I have no idea what's going on with the coloring here, but I'm going to write it off as printing error.
Meanwhile, in suspended animation, the real FF have nightmares--the aforementioned scrapped plotlines. Most of them weren't very good. I remember one was Reed's computer, which had been name-dropped several times as the "Turino-XL," turned out to be Ultron XI. Or IX. Whatever. It wasn't even a computer Reed built, he bought it, which didn't sound right either. I have long since lost most of those issues, since I was only reading them since I got a subscription the moment I heard Simonson was coming.

But one issue I saved: the Invisible Woman's nightmare. Fantastic Four #330, "Good Dreams!" Written by "John Harkness," pencils by Rick Buckler, inks by Romeo Tanghal. "Doom vs. Doom" would've been a better title, since that's what we've got in the dream. More after the bump!

Earlier, John Byrne introduced Kristoff, an orphaned Latverian boy that Doom took in under his care. Except the kid was less a ward of the state, than Doom 2.0. A contingency plan: if Doctor Doom was killed, his robots would upload a copy of Doom's personality onto Kristoff and make him the new Doom. Great plan, except Kristoff was activated too soon. Doom returns to find Kristoff in power and completely believing himself to be the real Doom and the other to be a fake. Entrenched in Latveria, Kristoff was actually able to drive off Doom, who was handicapped by not wanting to destroy his country.

So, Byrne introduced Kristoff, I think Englehart set up the Doom vs. Doom situation, and eventually Simonson would bring an elegant solution to the table, but this issue shows a possible answer from Englehart. On a typical Latverian morning, a peasant thanks the land for being the least of their troubles; and of course is overheard by Doom. Kristoff-Doom, who is out for a stroll with his Doombots. Kristoff charitably declines to have the peasant killed, since his source has tipped him to an upcoming attack from the other Doom.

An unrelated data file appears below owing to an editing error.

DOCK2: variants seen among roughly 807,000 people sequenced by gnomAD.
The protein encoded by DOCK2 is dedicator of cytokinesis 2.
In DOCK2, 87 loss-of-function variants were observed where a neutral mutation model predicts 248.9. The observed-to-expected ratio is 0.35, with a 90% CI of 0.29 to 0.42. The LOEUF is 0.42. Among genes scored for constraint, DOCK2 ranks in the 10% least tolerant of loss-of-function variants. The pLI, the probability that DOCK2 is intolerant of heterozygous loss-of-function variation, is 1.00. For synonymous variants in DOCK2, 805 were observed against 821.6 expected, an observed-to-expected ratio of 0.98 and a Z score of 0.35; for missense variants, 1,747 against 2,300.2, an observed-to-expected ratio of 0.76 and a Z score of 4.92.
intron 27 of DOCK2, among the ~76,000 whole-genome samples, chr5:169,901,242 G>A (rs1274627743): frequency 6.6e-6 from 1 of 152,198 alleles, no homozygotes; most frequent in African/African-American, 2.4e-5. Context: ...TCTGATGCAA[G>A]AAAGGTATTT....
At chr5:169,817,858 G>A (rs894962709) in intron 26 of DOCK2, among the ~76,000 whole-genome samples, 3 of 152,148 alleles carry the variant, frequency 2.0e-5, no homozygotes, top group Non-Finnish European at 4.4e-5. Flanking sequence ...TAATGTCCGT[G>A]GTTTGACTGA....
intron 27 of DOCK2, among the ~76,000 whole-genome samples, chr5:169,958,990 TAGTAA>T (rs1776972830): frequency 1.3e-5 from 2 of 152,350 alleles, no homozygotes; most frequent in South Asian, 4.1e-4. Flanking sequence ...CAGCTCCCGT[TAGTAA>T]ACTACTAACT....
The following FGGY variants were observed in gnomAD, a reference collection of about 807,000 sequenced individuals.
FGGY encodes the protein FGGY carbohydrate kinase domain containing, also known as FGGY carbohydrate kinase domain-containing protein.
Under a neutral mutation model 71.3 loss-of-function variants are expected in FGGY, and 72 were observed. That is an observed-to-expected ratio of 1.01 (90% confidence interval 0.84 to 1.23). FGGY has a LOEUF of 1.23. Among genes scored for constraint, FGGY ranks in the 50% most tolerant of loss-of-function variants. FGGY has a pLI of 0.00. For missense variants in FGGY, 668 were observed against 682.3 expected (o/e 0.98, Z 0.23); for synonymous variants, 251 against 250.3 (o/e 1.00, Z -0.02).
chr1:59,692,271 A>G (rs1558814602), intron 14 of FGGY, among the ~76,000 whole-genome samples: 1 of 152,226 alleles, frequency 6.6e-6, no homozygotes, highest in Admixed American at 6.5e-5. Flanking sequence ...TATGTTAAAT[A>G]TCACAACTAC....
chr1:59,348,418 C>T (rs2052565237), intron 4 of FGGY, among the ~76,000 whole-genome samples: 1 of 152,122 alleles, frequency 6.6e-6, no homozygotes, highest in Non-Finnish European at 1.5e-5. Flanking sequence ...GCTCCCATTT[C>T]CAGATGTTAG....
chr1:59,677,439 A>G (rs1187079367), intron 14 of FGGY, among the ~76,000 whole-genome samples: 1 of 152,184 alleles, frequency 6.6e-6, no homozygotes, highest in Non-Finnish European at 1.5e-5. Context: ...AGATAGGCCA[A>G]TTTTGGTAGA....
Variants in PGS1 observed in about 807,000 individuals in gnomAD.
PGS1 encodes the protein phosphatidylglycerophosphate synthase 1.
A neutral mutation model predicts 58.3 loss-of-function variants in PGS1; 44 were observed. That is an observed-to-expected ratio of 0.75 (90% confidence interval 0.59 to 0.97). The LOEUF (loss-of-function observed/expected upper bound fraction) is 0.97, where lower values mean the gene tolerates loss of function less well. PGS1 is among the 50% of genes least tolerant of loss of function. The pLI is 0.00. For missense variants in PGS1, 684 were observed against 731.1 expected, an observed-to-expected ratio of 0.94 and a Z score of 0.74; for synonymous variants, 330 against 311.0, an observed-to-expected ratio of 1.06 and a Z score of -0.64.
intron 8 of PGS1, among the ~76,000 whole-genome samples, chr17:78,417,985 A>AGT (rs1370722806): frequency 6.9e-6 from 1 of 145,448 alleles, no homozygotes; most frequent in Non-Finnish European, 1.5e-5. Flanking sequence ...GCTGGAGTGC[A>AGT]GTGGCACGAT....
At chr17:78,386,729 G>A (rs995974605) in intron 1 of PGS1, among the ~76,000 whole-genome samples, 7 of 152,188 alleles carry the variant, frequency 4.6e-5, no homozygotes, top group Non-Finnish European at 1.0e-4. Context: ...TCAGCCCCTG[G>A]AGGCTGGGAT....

'You promised us brunch first, Doom!'
Doom has recruited some A-list backup for his attack: Dormammu, Kang the Conqueror, the grey Hulk, the Absorbing Man, Attuma, Hobgoblin, the Beetle, and Master Pandemonium. Doom's attack was planned for high noon, but he moves it up to eleven, since he knows the Beetle is Kristoff's source. At Doom's order, the Hulk gladly squashes the Beetle, noting that he's repaying a debt to Doom.
Unless Kristoff traded for two draft picks to be named later and his mom's soul, he kinda got screwed.
The attack begins on Castle Doom, with Hobgoblin dying early, falling to "magick." Doom is able to counter it, taking the fight inside, to Kristoff's own army: the Rhino, Abomination, Sandman, Annihilus, Electro, and Mysterio. Kristoff's soldiers, like Kristoff himself, believe Doom to be nothing more than a rogue robot. Doom got the better draft picks, though; and takes out Annihilus as he strolls to fight Kristoff himself.